Inside Rick Scott’s ‘toxic record on abortion’

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By Giselle Balido

February 27, 2024

Debbie Mucarsel-Powell says that Sen. Rick Scott’s record shows that if given the opportunity, he would help pass a national abortion ban, jail doctors providing care, and ban access to birth control. 

Florida Republican Sen. Rick Scott is coming under harsh criticism from former Democratic Rep. Debbie Mucarsel-Powell over abortion rights, ahead of the pair’s potential showdown in the November general election. 

“He would strip away women’s rights with a national abortion ban,” Mucarsel-Powell said in her campaign launch video. And in a written statement, she called out Scott for what she calls “his toxic record on abortion.” 

Scott, for his part, has been quick to fire back at Mucarsel-Powell, the likely Democratic Senate nominee in Florida.

“She lies when she says I support a national ban. She lies when she says Republicans want to put women in jail,” Scott said in an interview with The Hill responding to Mucarsel-Powell’s contentions.

RELATED: Debbie Mucarsel-Powell Announces Run for US Senate Against Rick Scott

But according to the Democratic camp, records show that if given the opportunity, Scott would pass a national abortion ban that would include no exceptions for rape or incest, jail doctors providing care, and institute barriers to access essential care, as well as ban access to birth control.

Scott is working overtime to lie about his dangerous record of supporting a national abortion ban and Florida’s dangerous ban that would ban abortion with hardly any exceptions before most women know they’re pregnant,” Mucarsel-Powell said in her statement. 

To support her claims, Mucarsel-Powell points to Scott’s record on abortion and reproductive rights: 

In 2011, while serving as governor of Florida, Scott signed a lawThe Ultrasound Informed Consent Actrequiring women to undergo ultrasounds before getting an abortion. 

In 2015, Scott signed legislation requiring women to wait 24 hours before getting an abortion. The law that was challenged by a women’s clinic in Gainesville but was later held up in court.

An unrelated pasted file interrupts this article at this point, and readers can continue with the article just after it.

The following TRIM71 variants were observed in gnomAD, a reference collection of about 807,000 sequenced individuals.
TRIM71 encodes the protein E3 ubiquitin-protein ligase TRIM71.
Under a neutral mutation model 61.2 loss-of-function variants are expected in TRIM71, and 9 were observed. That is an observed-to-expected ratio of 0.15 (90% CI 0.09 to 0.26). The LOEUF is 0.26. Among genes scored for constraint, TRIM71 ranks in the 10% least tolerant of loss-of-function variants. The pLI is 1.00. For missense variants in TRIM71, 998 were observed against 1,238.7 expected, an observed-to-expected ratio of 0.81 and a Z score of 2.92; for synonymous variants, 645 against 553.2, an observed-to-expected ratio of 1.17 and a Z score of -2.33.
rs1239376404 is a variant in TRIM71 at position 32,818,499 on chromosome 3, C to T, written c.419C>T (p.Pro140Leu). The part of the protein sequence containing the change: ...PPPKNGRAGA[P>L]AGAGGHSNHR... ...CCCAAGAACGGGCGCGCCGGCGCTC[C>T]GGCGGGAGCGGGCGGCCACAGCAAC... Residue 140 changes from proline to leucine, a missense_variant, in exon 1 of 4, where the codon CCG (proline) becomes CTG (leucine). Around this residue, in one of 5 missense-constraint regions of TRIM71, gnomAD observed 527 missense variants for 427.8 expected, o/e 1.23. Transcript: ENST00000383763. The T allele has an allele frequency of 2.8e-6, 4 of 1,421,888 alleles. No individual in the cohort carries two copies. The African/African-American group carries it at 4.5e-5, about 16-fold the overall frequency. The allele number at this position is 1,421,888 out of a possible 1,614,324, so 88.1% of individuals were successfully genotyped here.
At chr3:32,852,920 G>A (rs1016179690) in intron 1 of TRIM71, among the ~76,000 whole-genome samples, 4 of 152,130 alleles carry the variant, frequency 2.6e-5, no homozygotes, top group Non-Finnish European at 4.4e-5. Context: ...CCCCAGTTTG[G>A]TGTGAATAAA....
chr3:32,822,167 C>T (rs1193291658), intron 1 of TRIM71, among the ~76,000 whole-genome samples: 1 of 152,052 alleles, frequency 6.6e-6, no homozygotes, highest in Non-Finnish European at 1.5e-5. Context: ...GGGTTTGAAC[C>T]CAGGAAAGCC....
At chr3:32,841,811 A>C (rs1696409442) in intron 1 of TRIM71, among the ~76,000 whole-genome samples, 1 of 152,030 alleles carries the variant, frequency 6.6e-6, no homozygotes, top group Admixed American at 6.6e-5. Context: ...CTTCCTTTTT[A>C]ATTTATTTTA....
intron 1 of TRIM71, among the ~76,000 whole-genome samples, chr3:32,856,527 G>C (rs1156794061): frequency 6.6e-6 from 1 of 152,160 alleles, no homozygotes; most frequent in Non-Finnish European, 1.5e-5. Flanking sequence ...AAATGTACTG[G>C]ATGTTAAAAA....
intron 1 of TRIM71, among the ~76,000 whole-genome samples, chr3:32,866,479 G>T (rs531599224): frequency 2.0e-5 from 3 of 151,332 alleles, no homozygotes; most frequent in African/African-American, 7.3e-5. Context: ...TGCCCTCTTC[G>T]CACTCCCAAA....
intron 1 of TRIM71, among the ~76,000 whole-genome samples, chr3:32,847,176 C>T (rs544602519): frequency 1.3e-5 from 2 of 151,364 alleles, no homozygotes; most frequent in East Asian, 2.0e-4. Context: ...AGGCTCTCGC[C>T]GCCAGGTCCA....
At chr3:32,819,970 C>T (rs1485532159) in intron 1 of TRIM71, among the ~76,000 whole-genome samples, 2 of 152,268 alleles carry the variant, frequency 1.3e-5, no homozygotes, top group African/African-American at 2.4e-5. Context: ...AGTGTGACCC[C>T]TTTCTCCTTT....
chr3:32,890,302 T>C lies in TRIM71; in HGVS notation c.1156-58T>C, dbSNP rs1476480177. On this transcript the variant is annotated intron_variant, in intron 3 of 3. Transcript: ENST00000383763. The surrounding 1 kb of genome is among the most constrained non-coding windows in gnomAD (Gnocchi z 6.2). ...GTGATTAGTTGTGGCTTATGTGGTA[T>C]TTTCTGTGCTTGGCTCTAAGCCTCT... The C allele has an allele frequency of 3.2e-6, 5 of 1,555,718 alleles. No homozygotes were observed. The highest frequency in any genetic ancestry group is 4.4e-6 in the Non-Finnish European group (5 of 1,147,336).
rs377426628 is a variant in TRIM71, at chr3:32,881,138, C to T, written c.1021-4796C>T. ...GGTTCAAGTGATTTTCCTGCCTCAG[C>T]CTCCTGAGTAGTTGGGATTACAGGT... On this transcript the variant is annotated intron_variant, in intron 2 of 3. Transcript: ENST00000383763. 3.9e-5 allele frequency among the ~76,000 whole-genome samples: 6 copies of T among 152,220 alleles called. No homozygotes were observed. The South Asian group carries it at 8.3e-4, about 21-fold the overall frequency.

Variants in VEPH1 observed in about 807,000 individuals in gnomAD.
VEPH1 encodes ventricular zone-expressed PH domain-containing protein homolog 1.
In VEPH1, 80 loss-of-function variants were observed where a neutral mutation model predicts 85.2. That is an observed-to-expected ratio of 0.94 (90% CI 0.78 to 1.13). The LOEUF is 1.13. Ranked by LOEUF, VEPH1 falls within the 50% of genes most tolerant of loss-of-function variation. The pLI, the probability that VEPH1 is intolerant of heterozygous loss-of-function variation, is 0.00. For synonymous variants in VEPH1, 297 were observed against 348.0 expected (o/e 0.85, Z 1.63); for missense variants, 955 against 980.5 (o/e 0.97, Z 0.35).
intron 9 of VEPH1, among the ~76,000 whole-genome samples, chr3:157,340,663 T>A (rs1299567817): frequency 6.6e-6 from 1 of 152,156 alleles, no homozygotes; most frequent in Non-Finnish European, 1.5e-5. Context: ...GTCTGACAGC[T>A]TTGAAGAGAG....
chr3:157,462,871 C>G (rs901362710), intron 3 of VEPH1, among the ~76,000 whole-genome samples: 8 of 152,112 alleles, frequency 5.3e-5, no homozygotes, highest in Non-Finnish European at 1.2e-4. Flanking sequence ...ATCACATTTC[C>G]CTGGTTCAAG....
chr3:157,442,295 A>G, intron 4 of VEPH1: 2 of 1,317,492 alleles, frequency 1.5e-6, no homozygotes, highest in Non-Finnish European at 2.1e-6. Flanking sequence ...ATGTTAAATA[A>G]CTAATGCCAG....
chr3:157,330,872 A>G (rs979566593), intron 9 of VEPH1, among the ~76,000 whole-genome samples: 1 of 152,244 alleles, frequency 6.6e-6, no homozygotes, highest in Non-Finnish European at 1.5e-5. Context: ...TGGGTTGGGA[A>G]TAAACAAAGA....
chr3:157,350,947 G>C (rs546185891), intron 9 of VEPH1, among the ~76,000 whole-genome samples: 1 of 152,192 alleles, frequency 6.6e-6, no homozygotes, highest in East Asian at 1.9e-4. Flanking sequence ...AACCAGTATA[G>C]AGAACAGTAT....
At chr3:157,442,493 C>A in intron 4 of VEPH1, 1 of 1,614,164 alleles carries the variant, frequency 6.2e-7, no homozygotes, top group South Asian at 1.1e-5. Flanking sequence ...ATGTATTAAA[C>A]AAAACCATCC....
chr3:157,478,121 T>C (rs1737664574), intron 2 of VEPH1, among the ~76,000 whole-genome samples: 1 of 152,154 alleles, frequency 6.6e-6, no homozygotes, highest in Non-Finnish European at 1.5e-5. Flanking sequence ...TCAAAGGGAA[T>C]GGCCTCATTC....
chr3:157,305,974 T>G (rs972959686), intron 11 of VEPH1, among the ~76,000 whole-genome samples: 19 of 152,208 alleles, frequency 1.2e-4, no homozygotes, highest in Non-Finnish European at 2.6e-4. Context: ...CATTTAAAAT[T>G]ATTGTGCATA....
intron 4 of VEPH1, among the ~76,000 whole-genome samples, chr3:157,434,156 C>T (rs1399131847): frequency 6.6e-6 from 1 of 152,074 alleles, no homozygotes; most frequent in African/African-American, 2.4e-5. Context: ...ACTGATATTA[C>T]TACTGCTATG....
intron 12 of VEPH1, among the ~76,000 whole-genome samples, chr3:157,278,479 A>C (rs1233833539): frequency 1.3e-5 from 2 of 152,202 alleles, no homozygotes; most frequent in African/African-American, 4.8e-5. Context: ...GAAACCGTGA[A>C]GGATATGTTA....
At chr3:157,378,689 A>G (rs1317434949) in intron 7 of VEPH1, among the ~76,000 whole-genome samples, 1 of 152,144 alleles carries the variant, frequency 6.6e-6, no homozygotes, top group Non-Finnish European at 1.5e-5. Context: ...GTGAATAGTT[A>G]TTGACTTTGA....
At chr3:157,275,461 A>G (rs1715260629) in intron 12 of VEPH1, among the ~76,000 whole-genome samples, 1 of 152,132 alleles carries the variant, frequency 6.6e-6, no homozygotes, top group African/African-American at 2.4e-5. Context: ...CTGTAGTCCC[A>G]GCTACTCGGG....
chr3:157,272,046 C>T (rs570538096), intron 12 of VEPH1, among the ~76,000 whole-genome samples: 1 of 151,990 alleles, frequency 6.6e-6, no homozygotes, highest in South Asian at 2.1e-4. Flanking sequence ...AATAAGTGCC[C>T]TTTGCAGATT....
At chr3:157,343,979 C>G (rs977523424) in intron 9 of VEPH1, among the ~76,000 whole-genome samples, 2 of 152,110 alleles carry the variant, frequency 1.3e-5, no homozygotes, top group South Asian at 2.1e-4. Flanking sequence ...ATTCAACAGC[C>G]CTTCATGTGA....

In 2016, Scott signed a bill to reduce funding for Planned Parenthood, which would prohibit state or local health departments contracting with any organization for any health care services, if that organization also provides abortions. The bill would also limit access to contraceptives. 

In 2020, two years before the Supreme Court overturned Roe v. Wade and returned power to the states to determine abortion restrictions, Scott was one of 51 Republican senators to vote to advance South Carolina Sen. Lindsey Graham’s 20-week abortion ban. 

Scott also co-sponsored the abortion ban that Graham reintroduced in January of 2021, which had the backing of Scott’s fellow Florida Republican, Sen. Marco Rubio. That bill would have banned abortion after 20 weeks and would have imposed prison terms of up to five years and/or fines on doctors and providers who violated this act. 

As late as April of 2023, Scott declared during an interview with The Hill: “I am 100% pro-life and if I was still governor, I would sign this [six-week-abortion ban] bill,” referring to the six-week ban Gov. Ron DeSantis’ signed into law last year.

Asked whether he would have signed a six-week abortion ban if he were governor, Scott–who served as governor of Florida from 2011 to 2019— said: “[As governor] I signed pro-life legislation, which I thought was best for the state. I’ve continued to fight for pro-life policies.” 

Most recently, in a January 2024 interview with The Hill, Scott declared himself to be “unabashedly pro-life.”

RELATED: Florida abortion rights amendment gets enough signatures for 2024 ballot

“Scott’s name is on a federal abortion ban. His bill includes criminal sentences for reproductive care providers. He confirmed he would have signed Florida’s dangerous abortion ban into law if he was governor, banning abortion before most women know they’re pregnant. He funds candidates who oppose access to contraceptive care. He minimizes the issue and calls it ‘a tough issue for women,”’ Mucarsel-Powell said in a written statement. “Floridians know exactly where he stands.”

Scott’s reelection race could play a key role in deciding control of the US Senate, and potentially the fate of abortion rights in the US.

In Florida, the Florida Supreme Court is currently deliberating on whether to uphold Gov. Ron DeSantis’ 15-week abortion ban that, if approved, would allow his six-week ban to take effect 30 days later. The court must also decide whether or not to approve the language of a ballot measure that would give Florida voters the chance to override DeSantis’ bans and enshrine reproductive rights in the state constitution in November. 


  • Giselle Balido

    Giselle is Floricua's political correspondent. She writes about the economy, environmental and social justice, and all things Latino. A published author, Giselle was born in Havana and grew up in New Jersey and Miami. She is passionate about equality, books, and cats.


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